Tuesday, February 4, 2014

Brooks proves he is not an automaton!

Shorter David Brooks, "What Machines Can't Do", New York Times, February 3, 2014:
In the brave new world where computers will do all the brainwork, you won't get a dime out of being able to do any mental activity that involves following a set of rules. So should smart people despair? No, there's still rewarding ways of being human:
First, it pays to be enthusiastic.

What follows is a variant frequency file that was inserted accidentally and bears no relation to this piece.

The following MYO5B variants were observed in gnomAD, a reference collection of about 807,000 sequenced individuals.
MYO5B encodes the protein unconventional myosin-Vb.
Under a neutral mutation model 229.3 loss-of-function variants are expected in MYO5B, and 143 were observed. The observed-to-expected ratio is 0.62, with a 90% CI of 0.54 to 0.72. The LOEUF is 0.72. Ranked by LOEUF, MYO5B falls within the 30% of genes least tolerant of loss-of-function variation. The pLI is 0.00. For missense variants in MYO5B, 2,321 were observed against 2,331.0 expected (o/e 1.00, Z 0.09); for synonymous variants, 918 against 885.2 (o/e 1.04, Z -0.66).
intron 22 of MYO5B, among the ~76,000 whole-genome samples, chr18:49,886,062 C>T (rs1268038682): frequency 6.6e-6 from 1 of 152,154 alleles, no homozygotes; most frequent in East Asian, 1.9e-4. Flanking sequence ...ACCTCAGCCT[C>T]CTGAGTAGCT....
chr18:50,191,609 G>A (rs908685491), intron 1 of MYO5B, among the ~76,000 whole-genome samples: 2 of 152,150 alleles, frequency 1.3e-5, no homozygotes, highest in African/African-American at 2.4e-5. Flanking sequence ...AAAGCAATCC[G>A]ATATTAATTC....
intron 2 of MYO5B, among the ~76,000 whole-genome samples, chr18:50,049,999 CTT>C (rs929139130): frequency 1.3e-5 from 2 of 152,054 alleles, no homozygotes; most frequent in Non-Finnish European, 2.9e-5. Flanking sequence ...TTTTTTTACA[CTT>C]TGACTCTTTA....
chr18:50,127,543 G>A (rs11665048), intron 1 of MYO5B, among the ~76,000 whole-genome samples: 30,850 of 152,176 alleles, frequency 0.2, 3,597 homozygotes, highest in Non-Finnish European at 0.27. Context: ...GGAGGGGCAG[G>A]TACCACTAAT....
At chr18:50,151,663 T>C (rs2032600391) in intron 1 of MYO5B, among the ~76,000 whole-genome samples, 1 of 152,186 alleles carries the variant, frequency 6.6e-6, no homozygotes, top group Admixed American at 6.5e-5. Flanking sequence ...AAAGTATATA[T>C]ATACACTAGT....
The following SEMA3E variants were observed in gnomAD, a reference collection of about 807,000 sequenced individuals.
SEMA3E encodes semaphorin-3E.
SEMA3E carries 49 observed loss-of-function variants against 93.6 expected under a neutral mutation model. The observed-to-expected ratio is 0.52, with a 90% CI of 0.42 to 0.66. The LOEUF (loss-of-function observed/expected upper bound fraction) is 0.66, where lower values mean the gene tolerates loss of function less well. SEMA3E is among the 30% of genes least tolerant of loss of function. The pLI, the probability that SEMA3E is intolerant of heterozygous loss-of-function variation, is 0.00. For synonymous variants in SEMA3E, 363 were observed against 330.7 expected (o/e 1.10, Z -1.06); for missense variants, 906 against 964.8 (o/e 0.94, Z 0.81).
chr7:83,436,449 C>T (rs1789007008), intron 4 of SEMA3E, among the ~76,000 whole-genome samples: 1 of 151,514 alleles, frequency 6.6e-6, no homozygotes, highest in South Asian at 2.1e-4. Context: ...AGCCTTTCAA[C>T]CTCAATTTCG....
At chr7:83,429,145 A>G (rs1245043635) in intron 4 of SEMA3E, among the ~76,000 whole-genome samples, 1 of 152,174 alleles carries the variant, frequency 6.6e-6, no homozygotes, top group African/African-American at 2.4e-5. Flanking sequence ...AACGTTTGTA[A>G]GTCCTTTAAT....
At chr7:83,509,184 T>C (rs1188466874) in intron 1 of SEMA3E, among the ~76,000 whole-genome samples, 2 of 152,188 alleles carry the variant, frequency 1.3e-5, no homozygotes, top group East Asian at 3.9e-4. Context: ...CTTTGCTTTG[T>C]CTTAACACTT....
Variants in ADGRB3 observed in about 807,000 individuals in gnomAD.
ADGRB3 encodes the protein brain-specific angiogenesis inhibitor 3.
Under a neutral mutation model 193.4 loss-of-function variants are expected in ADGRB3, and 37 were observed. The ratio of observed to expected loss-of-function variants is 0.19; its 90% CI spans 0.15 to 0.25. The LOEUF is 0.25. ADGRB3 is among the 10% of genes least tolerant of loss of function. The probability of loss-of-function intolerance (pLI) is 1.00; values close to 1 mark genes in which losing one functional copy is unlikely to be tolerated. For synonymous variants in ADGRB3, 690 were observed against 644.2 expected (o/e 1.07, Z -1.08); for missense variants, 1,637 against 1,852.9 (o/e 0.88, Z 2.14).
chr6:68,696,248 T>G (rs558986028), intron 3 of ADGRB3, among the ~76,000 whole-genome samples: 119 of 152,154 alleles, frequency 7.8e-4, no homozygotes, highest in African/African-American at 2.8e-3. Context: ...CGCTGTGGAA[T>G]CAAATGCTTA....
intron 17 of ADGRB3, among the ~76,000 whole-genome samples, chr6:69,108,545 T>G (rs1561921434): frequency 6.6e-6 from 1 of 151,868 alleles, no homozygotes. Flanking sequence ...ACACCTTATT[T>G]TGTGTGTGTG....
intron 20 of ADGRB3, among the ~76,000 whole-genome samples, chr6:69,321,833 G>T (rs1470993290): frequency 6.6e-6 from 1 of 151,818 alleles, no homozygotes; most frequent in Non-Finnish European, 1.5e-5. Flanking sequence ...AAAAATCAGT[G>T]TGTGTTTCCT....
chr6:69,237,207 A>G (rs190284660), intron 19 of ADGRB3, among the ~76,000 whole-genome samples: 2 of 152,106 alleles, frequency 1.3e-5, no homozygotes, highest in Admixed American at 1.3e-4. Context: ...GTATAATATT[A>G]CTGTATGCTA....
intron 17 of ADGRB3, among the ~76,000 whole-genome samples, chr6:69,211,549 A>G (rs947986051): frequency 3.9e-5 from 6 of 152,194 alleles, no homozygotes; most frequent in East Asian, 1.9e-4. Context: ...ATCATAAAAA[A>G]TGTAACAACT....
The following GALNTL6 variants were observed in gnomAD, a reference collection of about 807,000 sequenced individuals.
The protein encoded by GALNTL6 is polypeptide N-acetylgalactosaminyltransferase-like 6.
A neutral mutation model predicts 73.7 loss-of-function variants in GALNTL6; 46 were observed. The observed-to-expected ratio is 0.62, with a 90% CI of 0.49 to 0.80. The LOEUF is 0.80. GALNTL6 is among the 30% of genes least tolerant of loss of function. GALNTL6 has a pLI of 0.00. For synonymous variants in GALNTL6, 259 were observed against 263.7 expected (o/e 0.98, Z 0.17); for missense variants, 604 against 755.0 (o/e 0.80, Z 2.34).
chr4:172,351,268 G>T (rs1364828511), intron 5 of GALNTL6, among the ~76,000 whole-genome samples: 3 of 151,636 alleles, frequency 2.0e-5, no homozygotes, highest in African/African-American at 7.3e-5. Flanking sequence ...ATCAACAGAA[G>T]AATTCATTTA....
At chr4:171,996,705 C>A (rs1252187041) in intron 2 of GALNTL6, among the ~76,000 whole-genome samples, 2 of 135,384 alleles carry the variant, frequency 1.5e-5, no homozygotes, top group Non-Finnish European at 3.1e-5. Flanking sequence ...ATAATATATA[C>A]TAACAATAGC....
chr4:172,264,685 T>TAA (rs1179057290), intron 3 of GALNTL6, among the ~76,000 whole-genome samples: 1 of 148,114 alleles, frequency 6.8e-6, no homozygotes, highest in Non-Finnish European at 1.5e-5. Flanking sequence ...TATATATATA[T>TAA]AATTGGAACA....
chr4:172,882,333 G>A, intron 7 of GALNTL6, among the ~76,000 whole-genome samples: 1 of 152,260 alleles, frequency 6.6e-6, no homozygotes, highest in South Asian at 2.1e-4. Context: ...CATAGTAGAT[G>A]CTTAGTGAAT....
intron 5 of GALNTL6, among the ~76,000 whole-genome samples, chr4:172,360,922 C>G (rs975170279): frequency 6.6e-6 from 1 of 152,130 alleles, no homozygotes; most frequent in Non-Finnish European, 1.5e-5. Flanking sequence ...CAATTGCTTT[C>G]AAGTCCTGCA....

Second, it pays to have extended time horizons and strategic discipline, like Garry Kasparov, who can think up to 12 or 14 moves ahead, while a computer. Never mind.
Third, it pays to be a procedural architect running loose networks of cooperating soloists, preferably paying their inadequate salaries while you collect the royalties.
Fifth, computers do the counting for you, so you don't have to worry about that. 
 N.B. It's really not impossible that Brooks left out point 4 out of some waggish purpose, but if he had you'd think he'd have winked at it in the text. None of the commenters seem to have noticed.

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